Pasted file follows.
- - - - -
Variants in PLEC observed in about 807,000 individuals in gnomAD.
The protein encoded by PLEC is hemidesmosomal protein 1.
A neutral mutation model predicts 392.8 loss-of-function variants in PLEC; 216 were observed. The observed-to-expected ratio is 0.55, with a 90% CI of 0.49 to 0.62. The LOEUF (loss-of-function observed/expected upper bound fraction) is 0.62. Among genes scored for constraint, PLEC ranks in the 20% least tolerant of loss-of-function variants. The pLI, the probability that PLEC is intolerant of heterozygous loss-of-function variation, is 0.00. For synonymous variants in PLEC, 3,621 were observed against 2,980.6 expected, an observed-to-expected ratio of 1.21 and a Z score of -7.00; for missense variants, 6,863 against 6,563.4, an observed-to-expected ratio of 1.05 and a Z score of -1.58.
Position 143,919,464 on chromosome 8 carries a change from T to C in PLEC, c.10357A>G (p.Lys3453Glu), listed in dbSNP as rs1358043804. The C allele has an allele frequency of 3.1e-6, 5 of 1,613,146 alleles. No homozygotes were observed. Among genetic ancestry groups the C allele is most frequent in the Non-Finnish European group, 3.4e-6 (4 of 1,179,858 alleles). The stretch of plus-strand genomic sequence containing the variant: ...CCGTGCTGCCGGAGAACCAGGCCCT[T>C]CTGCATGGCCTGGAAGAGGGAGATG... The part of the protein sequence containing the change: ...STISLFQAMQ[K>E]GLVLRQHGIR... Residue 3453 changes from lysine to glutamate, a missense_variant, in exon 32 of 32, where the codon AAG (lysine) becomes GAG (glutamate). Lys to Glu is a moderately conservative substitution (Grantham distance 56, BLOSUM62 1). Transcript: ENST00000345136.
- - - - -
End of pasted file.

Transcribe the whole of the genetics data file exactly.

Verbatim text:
Variants in PLEC observed in about 807,000 individuals in gnomAD.
The protein encoded by PLEC is hemidesmosomal protein 1.
A neutral mutation model predicts 392.8 loss-of-function variants in PLEC; 216 were observed. The observed-to-expected ratio is 0.55, with a 90% CI of 0.49 to 0.62. The LOEUF (loss-of-function observed/expected upper bound fraction) is 0.62. Among genes scored for constraint, PLEC ranks in the 20% least tolerant of loss-of-function variants. The pLI, the probability that PLEC is intolerant of heterozygous loss-of-function variation, is 0.00. For synonymous variants in PLEC, 3,621 were observed against 2,980.6 expected, an observed-to-expected ratio of 1.21 and a Z score of -7.00; for missense variants, 6,863 against 6,563.4, an observed-to-expected ratio of 1.05 and a Z score of -1.58.
Position 143,919,464 on chromosome 8 carries a change from T to C in PLEC, c.10357A>G (p.Lys3453Glu), listed in dbSNP as rs1358043804. The C allele has an allele frequency of 3.1e-6, 5 of 1,613,146 alleles. No homozygotes were observed. Among genetic ancestry groups the C allele is most frequent in the Non-Finnish European group, 3.4e-6 (4 of 1,179,858 alleles). The stretch of plus-strand genomic sequence containing the variant: ...CCGTGCTGCCGGAGAACCAGGCCCT[T>C]CTGCATGGCCTGGAAGAGGGAGATG... The part of the protein sequence containing the change: ...STISLFQAMQ[K>E]GLVLRQHGIR... Residue 3453 changes from lysine to glutamate, a missense_variant, in exon 32 of 32, where the codon AAG (lysine) becomes GAG (glutamate). Lys to Glu is a moderately conservative substitution (Grantham distance 56, BLOSUM62 1). Transcript: ENST00000345136.